Kelly plan a 'lethal injection', says Kenny

 

ADOPTING THE stance of Prof Morgan Kelly on the abandonment of the EU-IMF bailout would constitute a “lethal injection” to the Irish economy, Taoiseach Enda Kenny has said.

“Politics is about people and their lives and their careers and their opportunities and that’s what I deal in.

“I have no intention of delivering a lethal injection to the Irish economy by trying to bridge that extent of the deficit in one year,” the Taoiseach said yesterday.

Mr Kenny also rejected weekend reports that an interest rate cut of one percentage point on the bailout had already been agreed.

“No, that’s not so. Obviously, the position in so far as an interest rate reduction for Ireland is concerned has been devolved down to the ministers for finance,” he said.

Mr Kenny was speaking in Dublin at the launch of an initiative to get 25,000 new Irish businesses online within a year. The campaign is a partnership between Google, Blacknight Internet Solutions, An Post and the county and city enterprise boards.

Earlier in the Dáil, Mr Kenny said the European Union should consider the potential of free trade with the US and opening up this market in the next 10 to 15 years.

“The scale of trade across the Atlantic both ways is very significant and generates a very significant proportion of world trade in its own right,” he told a special sitting to mark Europe Day.

He said the Government was “fully confident” that it would be able to secure a reduced interest rate on its loans as part of the EU-IMF agreement.

The 12.5 per cent rate of corporation tax would “remain a cornerstone of this country’s economic policy”.

Ireland’s European commissioner Máire Geoghegan-Quinn said: “I am acutely aware of the public mood, anger and anxiety about the future as people across the country struggle through this exceptionally difficult period.”

She added: “I am deeply concerned that a broad-brush attack on Brussels is turning legitimate criticism on specific issues into a populist attack on all institutions and our place at the heart of Europe.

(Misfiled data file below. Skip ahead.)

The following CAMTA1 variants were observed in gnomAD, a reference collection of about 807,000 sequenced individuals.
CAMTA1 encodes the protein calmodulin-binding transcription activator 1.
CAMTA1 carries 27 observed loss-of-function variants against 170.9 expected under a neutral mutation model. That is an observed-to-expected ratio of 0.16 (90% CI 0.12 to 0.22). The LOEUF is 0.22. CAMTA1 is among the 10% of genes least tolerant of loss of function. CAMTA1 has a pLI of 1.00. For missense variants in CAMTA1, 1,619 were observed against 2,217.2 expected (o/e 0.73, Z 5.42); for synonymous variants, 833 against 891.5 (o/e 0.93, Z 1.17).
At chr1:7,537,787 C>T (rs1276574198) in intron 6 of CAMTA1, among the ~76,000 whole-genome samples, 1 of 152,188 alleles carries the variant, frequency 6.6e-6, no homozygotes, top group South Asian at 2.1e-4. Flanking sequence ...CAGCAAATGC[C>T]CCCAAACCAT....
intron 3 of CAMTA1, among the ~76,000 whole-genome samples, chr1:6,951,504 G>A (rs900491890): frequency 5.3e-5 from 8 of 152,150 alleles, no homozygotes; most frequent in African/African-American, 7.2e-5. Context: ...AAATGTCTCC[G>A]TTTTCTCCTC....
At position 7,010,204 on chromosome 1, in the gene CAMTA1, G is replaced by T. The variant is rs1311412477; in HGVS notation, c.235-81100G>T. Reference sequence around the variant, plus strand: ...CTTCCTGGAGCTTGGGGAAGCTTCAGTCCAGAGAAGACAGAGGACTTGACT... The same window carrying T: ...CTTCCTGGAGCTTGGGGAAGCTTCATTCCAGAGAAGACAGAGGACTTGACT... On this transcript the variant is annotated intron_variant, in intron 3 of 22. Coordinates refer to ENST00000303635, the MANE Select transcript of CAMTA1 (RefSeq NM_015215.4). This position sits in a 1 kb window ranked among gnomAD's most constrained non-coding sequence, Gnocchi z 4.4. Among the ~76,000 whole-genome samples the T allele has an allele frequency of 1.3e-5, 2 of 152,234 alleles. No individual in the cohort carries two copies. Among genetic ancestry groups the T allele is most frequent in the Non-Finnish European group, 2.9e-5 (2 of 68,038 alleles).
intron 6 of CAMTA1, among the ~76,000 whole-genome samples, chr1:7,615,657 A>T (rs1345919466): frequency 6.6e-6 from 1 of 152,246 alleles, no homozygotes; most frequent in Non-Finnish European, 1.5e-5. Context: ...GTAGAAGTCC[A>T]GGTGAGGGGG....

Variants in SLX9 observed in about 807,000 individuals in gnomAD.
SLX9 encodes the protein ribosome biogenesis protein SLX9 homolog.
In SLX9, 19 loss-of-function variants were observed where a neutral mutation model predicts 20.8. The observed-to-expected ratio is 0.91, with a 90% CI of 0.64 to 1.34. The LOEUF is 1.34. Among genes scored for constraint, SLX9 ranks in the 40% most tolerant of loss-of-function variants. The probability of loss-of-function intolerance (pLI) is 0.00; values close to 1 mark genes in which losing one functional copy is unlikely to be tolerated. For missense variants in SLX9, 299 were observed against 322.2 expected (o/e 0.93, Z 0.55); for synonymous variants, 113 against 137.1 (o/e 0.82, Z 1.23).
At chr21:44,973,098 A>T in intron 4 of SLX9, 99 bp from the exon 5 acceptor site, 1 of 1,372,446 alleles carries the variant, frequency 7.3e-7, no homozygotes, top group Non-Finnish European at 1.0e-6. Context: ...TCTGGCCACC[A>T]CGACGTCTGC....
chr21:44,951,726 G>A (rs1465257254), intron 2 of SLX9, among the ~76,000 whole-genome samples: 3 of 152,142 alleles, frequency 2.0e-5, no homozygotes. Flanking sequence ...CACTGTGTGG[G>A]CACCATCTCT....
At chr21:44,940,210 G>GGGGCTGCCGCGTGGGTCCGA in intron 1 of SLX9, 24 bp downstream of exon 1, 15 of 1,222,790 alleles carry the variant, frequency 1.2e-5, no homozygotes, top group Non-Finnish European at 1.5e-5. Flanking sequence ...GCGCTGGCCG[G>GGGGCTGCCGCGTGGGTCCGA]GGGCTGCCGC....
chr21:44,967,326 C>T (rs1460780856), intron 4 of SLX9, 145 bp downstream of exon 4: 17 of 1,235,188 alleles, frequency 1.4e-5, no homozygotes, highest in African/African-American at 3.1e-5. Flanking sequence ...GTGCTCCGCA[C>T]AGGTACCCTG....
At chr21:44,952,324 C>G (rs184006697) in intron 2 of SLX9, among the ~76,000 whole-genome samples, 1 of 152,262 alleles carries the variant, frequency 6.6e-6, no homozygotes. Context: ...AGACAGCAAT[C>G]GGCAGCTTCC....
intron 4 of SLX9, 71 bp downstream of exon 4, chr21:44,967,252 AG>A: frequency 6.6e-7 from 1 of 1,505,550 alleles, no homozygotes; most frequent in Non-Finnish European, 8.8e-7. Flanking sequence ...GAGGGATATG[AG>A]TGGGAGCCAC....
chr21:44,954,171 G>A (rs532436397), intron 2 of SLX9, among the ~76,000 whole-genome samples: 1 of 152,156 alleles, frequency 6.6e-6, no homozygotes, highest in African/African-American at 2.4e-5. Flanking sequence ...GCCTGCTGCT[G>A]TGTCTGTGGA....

“Robust criticism and debate is the lifeblood of democracy but when it comes to the vital issue of holding EU institutions to account facts matter.”

Fianna Fáil leader Micheál Martin said there should be “a serious re-evaluation” of how the European institutions worked and he was critical of current EU leaders.

“A lack of the type of broad leadership shown in the past has resulted in an agenda which is torn between half-measures and opportunism.

“There has been a willingness to retreat into pandering to perceptions of national self-interest, rather than to follow the example of leaders like Helmut Kohl, who always spoke of how financial generosity towards partners was repaid many times over in terms of economic prospects for his country,” he said.

Describing his party as “Euro-critical”, Sinn Féin TD Pádraig Mac Lochlainn said Ms Geoghegan-Quinn and others “still find this proposition difficult to understand”.

Noting that his party colleague Bairbre de Brún was among several MEPs who spoke in the Dáil chamber yesterday, he said it “may be the first time that an elected representative from the six counties has addressed this House”.

United Left Alliance’s Richard Boyd Barrett said: “When I heard we would be celebrating our EU membership with a special sitting of the Dáil, I thought it was a sick joke.

“It just beggars belief that when this country is being crucified by an EU-IMF deal, the Government thinks we should celebrate our membership of the EU. It is beyond pathetic – the sick joke of a bankrupt Government.”